15 Kentuckians Sue Trump Admin Over New Medicaid Work Rules

on January 11, 2018 in Washington, DC.
President Donald Trump listens to Kentucky Governor Matt Bevin (R) speak on January 11, 2018 in Washington, DC. (Photo by Mark Wilson/Getty Images)

In a class action federal lawsuit filed Wednesday, 15 low-income Kentucky residents enrolled in Medicaid sued the Trump administration for giving the state’s Republican governor a green light to impose work requirements and other eligibility restrictions on the health program.

The plaintiffs, Kentucky Medicaid recipients with ages ranging from 20 to 62, represented by the Southern Poverty Law Center and other advocacy groups, are accusing the administration of “threatening irreparable harm to the health and welfare of the poorest and most vulnerable in our country,” and demanding the court block the implementation of the new requirements.

The case is challenging the administration’s crusade for Medicaid work requirements on both its substance and its process, arguing that the new policies “sharply deviate from the congressionally-established requirements of the Medicaid program and vastly exceed any lawful exercise of the Secretary’s limited waiver authority.”

“States cannot impose additional eligibility requirements that are not explicitly allowed by the Medicaid Act,” the complaint states.

The groups are also calling out the way the Trump administration implemented the policy, noting that CMS Administrator Seema Verma’s letter to state Medicaid directors announcing her openness to approving work requirements “was not submitted for notice and comment, and was not published in the Federal Register.” Furthermore, Kentucky asked for the waiver back in 2016, under the Obama administration, and the public comment period for it closed long before the new guidelines were released.

By Kentucky’s own estimate, the new rules will lead to nearly 100,000 fewer people being enrolled in Medicaid. The state says this reduction will be due to Medicaid recipients finding jobs and switching to employer-sponsored insurance.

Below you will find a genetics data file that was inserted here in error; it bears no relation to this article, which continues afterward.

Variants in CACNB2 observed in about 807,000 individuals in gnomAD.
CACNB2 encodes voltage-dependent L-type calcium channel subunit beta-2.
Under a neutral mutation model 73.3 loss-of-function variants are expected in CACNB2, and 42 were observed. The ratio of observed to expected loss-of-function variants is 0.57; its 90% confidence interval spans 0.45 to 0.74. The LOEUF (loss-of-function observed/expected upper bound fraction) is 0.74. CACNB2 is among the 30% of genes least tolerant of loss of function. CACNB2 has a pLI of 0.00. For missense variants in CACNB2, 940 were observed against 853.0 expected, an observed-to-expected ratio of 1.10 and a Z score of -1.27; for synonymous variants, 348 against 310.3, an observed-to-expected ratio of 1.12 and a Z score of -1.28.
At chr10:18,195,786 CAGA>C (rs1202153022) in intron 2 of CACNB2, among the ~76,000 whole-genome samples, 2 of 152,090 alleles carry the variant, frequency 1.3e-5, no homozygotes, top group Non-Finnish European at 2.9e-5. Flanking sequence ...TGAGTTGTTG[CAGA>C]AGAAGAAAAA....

But the lawsuit argues that many people are much more likely to fall through the crack and go uninsured should the new regulations go into effect.

The oldest plaintiff, Ronnie Maurice Stewart, is a 62-year-old who suffers from diabetes, arthritis, high blood pressure and vision problems and recently retired due to declining health. His Social Security retirement benefits are his only income, putting him well below the poverty line and making him eligible for Medicaid. The lawsuit states that Stewart is unlikely to be able to meet the new work requirements, and unlikely to be able to afford the new premiums the waiver imposes.

“It will mean that he cannot pay for other necessary expenses such as food and rent,” the complaint states.

The U.S. District Court for the District of Columbia is expected to hear the case sometime in the coming months.

Dear Reader,

When we asked recently what makes TPM different from other outlets, readers cited factors like honesty, curiosity, transparency, and our vibrant community. They also pointed to our ability to report on important stories and trends long before they are picked up by mainstream outlets; our ability to contextualize information within the arc of history; and our focus on the real-world consequences of the news.

Our unique approach to reporting and presenting the news, however, wouldn’t be possible without our readers’ support. That’s not just marketing speak, it’s true: our work would literally not be possible without readers deciding to become members. Not only does member support account for more than 80% of TPM’s revenue, our members have helped us build an engaged and informed community. Many of our best stories were born from reader tips and valuable member feedback.

We do what other news outlets can’t or won’t do because our members’ support gives us real independence.

If you enjoy reading TPM and value what we do, become a member today.

TPM Staff
Latest Dc
Masthead Masthead
Founder & Editor-in-Chief:
Executive Editor:
Managing Editor:
Associate Editor:
Investigations Desk:
Director of Audience:
Editor at Large:
General Counsel:
Head of Product:
Director of Technology:
Associate Publisher:
Front End Developer:
Senior Designer: